Fierce storm forces hundreds Americans to fled their homes

Hundreds Americans have fled their homes after a fierce storm battered the U.S. Pacific Northwest. The storm killed at least seven people and led to widespread flooding that shut down a stretch of the region's major north-south highway.

By Wednesday, those who survived the drenching rain and howling wind were hoping for the muddy brown waters to recede so they could return home and see what was left.

Washington Gov. Chris Gregoire, who toured the ravaged region by helicopter Tuesday, touched down at a high school shelter in Chehalis, about 90 miles (145 kilometers) south of Seattle, and also flew to the water's edge on Interstate 5, which has been shut down since Monday at Centralia because of flooding.

The interstate, which is the main north-south route between Portland, Oregon, and Seattle, was expected to be closed at least through Thursday.

In Tillamook, Oregon, home to large dairy cattle herds, the smell of manure was pervasive as shopkeepers downtown shoveled out their businesses.

David Dye, Washington state's deputy transportation secretary, said workers were cleaning up lots of debris - "garbage, tires, dead rats everywhere" - while they waited for the water to recede.

On the edge of downtown Centralia, waist-high water the color of chocolate milk covered streets as police used small boats to get to houses in flooded neighborhoods.

Firefighters finally persuaded Katrina Puris, 25, to flee her home as her neighbors' cars were floating down the street late Monday night. She had been reluctant to leave with three children under 5 in the house, despite the firefighters' pleas.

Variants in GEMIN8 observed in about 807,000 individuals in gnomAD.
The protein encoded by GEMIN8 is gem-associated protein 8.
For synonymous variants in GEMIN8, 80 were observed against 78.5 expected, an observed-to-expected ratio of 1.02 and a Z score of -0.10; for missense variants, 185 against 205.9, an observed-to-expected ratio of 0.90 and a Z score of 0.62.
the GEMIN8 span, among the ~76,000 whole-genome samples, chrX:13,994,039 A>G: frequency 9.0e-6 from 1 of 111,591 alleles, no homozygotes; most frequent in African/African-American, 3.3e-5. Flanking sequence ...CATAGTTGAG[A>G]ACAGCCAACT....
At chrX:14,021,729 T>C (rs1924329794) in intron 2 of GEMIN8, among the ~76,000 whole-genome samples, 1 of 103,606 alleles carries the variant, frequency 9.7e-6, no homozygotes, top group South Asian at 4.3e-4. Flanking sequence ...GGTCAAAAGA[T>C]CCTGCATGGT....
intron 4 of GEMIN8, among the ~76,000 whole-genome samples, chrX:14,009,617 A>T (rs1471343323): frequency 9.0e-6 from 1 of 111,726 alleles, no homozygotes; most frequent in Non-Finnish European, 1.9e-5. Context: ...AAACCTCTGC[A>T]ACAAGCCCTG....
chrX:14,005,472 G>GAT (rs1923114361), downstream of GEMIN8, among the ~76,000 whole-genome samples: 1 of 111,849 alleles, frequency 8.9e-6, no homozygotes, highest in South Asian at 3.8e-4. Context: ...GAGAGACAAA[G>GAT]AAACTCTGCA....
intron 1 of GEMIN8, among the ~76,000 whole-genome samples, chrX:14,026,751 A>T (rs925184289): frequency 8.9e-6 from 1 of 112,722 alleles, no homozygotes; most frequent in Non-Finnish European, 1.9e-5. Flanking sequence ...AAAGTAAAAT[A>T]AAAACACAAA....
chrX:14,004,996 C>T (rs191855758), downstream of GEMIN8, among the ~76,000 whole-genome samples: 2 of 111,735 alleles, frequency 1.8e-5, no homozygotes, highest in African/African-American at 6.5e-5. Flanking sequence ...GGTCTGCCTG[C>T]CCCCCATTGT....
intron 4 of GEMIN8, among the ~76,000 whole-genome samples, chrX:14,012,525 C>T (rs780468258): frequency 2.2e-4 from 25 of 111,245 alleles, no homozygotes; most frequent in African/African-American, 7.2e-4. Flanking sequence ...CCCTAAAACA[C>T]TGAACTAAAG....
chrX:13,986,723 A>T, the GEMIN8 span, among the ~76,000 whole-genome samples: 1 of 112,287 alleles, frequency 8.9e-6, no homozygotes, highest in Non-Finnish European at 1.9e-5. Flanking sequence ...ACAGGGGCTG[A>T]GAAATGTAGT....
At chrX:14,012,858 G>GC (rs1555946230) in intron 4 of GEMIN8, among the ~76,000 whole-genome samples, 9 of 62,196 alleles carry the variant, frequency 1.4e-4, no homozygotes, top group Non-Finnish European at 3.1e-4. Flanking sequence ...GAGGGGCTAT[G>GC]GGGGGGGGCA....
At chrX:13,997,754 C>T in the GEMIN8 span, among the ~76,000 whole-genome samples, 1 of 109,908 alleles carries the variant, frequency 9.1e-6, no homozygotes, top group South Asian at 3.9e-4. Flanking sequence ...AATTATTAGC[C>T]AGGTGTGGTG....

"They were yelling: 'If you're not coming out now, we're leaving,"' Puris said Tuesday. "So I just grabbed everything I could and we just ran."

More than 300 people had to be rescued in Lewis County in the southwestern part of the state, many being plucked off their rooftops by helicopter, Sheriff Steve Mansfield said.

The latest of three storms slammed into the state on Monday, hitting hardest on the Olympic Peninsula, Kitsap County and the southwestern corner of the state, leaving at least 73,000 western Washington residents without power. More than 50,000 were still in the dark Tuesday. Pacific Power said that nearly 36,000 of its customers were still without power.

The storm overwhelmed a number of sewage treatment plants, allowing tons of raw sewage to spew into Puget Sound.

Mudslides halted Amtrak passenger train service between Portland and Vancouver, British Columbia, at least through Wednesday.

Two hikers were found dead Tuesday from an avalanche in the Cascade Mountains, sheriff's officials said. The hikers were killed as heavy rain atop heavy snow increased the avalanche danger.

The storm moved out to the Upper Midwest, where it dumped as much of 9 inches (22.9 centimeters) of snow in parts of North Dakota. Western Ohio was predicted to get as much as 7 inches (17.8 centimeters) before the storm moved out Wednesday.

The snow created delays at several midwestern airports, including Chicago's O'Hare International Airport, and caused a bus crash in Indiana that injured 17 people, authorities said.

Subscribe to Pravda.Ru Telegram channel, Facebook, RSS!

Author`s name Angela Antonova